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Berry Lemon Cake Shot
1/2 cup sugar
3/4 cup vodka
1 pint blueberries
1 cup heavy whipping cream
1/4 cup sugar
1 tablespoon raspberry liqueur, such as Chambord
Lemon cake, store bought or made from a cake mix
In a small saucepan over medium, combine sugar and vodka. Cook until the sugar dissolves. Pour the liquid over the blueberries and refrigerate for several hours or overnight. The longer the berries are in the liquid, the more “drunk” they will be.
In a metal bowl, whip cream until it begins to form soft peaks. Add sugar and liqueur; continue beating until the cream forms stiff peaks.
Using a round metal ring about the size or just slightly smaller than your serving class, cut the lemon cake into circles. Place one cake circle at the bottom, topping with a spoonful (or two) of berries and a couple dollops whipped cream. Repeat cake-berry-cream layers until you reach the top of the glass.
Garnish with additional blueberries and fresh lemon zest.
Chapter 1 recap
Twenty-six-year-old Mirabelle Graham had always loved sweets, so it was only natural that she would open up a shop filled with tasty confections. In the month since Queen Pin opened on South Calhoun Street in the heart of downtown, the bakery had become a popular spot to get a sweet tooth fix. But on a night expected to be busy after a TinCaps game, the bakery stood empty.
Illustration by Laura J. Gardner | The Journal Gaz

Chapter 2

Finn had a feeling he shouldn't drive to the TinCaps game – Parkview Field isn't that far a walk from his Wayne Street coffee shop. And now, standing in the middle of a parking lot at Parkview Field, he wished he'd have listened to his gut.

Three tires – all but the front driver's side – on his green Toyota Prius had been slashed, leaving the rubber lifeless on the asphalt.

"You've got to be effing kidding me," he grumbled, moving his right hand to push back the brown, curly hair from his face.

"I know. It's just … so random," Finn heard someone say.

Looking to his right, Finn saw an older man, probably in his 50s, decked out in TinCaps gear and standing next to his own car – a black sedan with three flat tires.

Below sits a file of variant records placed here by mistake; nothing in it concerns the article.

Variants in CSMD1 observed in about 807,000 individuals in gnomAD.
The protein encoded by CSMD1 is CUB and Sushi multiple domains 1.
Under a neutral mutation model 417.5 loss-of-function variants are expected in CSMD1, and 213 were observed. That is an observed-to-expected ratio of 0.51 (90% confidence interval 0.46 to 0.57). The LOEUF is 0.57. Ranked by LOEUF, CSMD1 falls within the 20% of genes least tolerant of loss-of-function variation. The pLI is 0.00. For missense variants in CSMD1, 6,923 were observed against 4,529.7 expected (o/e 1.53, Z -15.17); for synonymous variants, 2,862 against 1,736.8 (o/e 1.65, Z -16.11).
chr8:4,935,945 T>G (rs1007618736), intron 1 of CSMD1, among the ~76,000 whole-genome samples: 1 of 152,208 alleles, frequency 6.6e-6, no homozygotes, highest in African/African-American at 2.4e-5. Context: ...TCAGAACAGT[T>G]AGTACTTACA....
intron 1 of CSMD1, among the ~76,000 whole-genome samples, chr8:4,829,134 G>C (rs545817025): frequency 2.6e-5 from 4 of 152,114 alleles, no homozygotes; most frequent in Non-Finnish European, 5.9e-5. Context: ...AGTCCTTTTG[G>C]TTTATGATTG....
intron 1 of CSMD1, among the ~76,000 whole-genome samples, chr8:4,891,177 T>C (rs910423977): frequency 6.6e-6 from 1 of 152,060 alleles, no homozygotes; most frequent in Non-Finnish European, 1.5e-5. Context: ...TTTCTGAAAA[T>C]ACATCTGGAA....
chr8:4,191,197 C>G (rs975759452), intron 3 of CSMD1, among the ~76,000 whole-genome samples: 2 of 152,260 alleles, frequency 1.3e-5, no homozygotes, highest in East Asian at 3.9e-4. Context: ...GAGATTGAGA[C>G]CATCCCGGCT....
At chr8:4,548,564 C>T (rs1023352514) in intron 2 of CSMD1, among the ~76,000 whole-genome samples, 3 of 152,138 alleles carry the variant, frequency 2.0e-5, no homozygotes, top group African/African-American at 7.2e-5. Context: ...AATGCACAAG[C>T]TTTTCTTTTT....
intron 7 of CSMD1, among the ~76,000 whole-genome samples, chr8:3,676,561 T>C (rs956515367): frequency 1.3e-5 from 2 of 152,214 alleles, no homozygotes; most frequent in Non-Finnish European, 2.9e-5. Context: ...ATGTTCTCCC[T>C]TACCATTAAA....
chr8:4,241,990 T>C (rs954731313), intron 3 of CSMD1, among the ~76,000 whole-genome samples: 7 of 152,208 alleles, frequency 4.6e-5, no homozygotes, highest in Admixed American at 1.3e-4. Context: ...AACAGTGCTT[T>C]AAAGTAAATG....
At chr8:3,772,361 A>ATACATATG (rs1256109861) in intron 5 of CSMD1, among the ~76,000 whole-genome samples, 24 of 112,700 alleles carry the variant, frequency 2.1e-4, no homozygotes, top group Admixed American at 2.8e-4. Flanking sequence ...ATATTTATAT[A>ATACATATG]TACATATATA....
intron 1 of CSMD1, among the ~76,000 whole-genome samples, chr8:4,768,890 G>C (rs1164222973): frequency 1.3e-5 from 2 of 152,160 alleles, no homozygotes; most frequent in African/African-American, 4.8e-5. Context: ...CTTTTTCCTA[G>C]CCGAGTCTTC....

"I'm George, by the way," the man said, stretching out his hand.

"Finn," he said, shaking George's hand. "I'd say nice to meet you but I'm not sure there's anything nice about this situation."

The two turned from each other and gazed into a crowd of stranded TinCaps fans. There must have been at least 100 vehicles vandalized, Finn noted, each with three tires slashed. A few cars in the lots had been spared but not many and seemingly without any real reason. The lucky fans stood by, too embarrassed to leave so many behind. In the distance, Finn could see the red-and- blue lights of police cruisers nearing the lot, but the sound of gasps and cursing drowned out the wail of the sirens.

A caravan of officers descended upon Baker Street to survey the scene and take reports. Officer Griffith, a man of slight build and the face of a boy, got to Finn about an hour later and went through the battery of questions. The officer seemed to stutter as he spoke.

"So what now?" Finn said.

"Well, …" Officer Griffith said. "You'll need to arrange to have your vehicle towed. I'm not sure whether you'll have any luck with that tonight so if you can get a ride, the city is allowing cars to remain parked in the lot for 24 hours."